The Freedom Trail
Trip Start Feb 17, 2012
3Trip End Feb 19, 2012
Map your own trip!
Show trip route
Where I stayed
Courtyard By Marriott Boston Copley Square
Read my review - 4/5 stars
Read my review - 4/5 stars
What I did
Freedom Trail Boston
Read my review - 5/5 stars
Read my review - 5/5 stars
A clear blue sky day on Jet Blue had us arriving ahead of schedule with just barely one hour in the air between Dulles and Boston. Although a taxi is not the cheapest way to get from the airport to your hotel, you should probably never rent a car if you are visiting Boston and you probably don’t want to try navigating the subway system for the first time with luggage from the airport to your hotel. So, the $37 taxi ride to our hotel was the first of our in-town vacation expenses
I chose a hotel in the "Back Bay" area that was within walking distance of the John Hancock Tower, where I would receive my training. It was also within walking distance of an expansive set of indoor and outdoor malls, wonderful restaurants, Boston Commons (the start of the Freedom Trail) and only a block from the Copley subway stop.
The Back Bay was once a stagnant pool of water behind the Public Garden. It was filled in starting in 1857. It now holds some of the most exclusive real estate in Boston including Beacon Hill. I chose the Marriot Courtyard Copley Square (aka 88 Exeter) over several other more modern and equally convenient hotels because it was in an older, historic building and seemed to emit the vibe more of a boutique hotel rather than the several ones attached to the enormous inside mall infrastructure in the area. It had a small hotel feel, the staff were very friendly and helpful.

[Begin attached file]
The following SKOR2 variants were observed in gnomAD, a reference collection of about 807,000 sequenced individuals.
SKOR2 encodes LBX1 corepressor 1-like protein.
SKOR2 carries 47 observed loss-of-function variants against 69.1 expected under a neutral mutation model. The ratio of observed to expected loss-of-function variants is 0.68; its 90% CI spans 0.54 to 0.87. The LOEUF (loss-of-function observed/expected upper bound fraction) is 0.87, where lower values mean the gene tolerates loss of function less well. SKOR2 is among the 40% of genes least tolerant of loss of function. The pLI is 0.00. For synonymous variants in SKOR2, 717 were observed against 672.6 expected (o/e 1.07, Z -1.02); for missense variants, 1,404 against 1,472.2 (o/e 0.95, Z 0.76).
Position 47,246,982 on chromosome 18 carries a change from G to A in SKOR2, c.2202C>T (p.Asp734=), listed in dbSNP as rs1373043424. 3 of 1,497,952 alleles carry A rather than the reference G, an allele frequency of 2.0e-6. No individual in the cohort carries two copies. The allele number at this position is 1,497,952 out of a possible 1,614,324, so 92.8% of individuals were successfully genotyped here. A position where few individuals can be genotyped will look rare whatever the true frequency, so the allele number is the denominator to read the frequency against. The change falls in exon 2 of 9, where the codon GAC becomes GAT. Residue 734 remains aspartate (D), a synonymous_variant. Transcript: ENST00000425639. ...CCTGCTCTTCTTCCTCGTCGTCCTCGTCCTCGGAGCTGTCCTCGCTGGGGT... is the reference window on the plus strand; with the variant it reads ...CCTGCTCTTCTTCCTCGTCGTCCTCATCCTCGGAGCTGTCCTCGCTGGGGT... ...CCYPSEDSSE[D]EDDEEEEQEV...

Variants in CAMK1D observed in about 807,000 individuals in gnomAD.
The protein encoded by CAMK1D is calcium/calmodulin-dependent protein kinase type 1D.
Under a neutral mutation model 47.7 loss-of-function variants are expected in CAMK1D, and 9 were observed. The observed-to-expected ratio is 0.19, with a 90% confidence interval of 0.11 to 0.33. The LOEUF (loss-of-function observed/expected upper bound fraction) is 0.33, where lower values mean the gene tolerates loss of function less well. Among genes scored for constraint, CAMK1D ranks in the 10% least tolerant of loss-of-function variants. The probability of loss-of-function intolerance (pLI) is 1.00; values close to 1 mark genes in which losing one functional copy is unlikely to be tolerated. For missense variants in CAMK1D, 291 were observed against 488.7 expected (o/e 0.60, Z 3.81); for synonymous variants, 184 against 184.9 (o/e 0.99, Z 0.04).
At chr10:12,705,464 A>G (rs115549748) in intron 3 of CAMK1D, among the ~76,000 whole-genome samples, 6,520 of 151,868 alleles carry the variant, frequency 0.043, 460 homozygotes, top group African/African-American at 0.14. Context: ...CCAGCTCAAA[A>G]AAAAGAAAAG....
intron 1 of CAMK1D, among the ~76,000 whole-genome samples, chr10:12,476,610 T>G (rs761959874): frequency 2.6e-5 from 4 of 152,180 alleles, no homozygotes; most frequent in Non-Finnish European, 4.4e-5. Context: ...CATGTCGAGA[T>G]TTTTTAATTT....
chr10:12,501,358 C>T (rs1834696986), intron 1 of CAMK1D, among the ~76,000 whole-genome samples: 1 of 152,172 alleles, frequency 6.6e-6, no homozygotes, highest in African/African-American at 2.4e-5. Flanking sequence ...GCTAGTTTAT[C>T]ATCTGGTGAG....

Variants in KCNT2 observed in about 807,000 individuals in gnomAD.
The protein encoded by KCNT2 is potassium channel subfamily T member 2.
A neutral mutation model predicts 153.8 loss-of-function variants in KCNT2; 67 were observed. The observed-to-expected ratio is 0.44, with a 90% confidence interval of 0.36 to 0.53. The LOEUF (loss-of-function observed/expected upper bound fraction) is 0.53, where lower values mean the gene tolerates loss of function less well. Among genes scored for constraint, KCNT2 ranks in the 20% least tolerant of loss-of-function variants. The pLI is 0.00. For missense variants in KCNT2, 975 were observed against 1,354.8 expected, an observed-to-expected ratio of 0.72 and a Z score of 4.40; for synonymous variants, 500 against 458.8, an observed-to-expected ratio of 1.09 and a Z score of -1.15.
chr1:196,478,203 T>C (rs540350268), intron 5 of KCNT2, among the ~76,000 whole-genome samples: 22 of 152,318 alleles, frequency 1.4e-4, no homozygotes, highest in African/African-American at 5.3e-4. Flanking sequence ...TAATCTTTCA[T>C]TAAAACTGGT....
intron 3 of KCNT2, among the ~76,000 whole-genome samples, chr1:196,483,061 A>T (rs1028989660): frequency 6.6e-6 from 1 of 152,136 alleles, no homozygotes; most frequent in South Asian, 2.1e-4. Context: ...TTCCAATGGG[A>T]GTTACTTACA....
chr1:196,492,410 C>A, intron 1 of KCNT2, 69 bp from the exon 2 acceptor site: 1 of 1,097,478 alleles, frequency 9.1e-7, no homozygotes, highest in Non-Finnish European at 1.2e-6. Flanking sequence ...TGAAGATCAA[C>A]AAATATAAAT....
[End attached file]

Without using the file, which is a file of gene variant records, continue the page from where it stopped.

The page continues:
After unpacking, we headed off down Boylston Street to explore the famous Freedom Trail. Along the way we hit a few sites. The first was the Old South Church. The Old South Church was designed in the Gothic Revival style and was completed in 1873. It is home to one of the older religious communities in the United States and is a U.S. National Historic Landmark. It served as one of the original meeting places of the Sons of Liberty during the Revolutionary War period.
Basically caddy-corner, across the street sits the Trinity Church which is sited at the foot of the John Hancock Tower
Further down Boylston Street we came upon the entrance to the Public Garden which leads into Boston Commons. The Boston Public Garden is the largest and oldest botanical garden in the United States. Established in 1837, the 24-acre garden was formerly an enormous salt marsh. This is a great starting point for any tourist or person who finds themselves in Back Bay. In the center of the rectangular-shaped garden is a 4 acre pond. In the center of this pond stands the world's smallest suspension bridge, built over 100 years ago. As we exit the park and enter Boston Commons, our destination was the Boston Common Visitor Center where we purchased a Freedom Trail map and began our self-guided tour.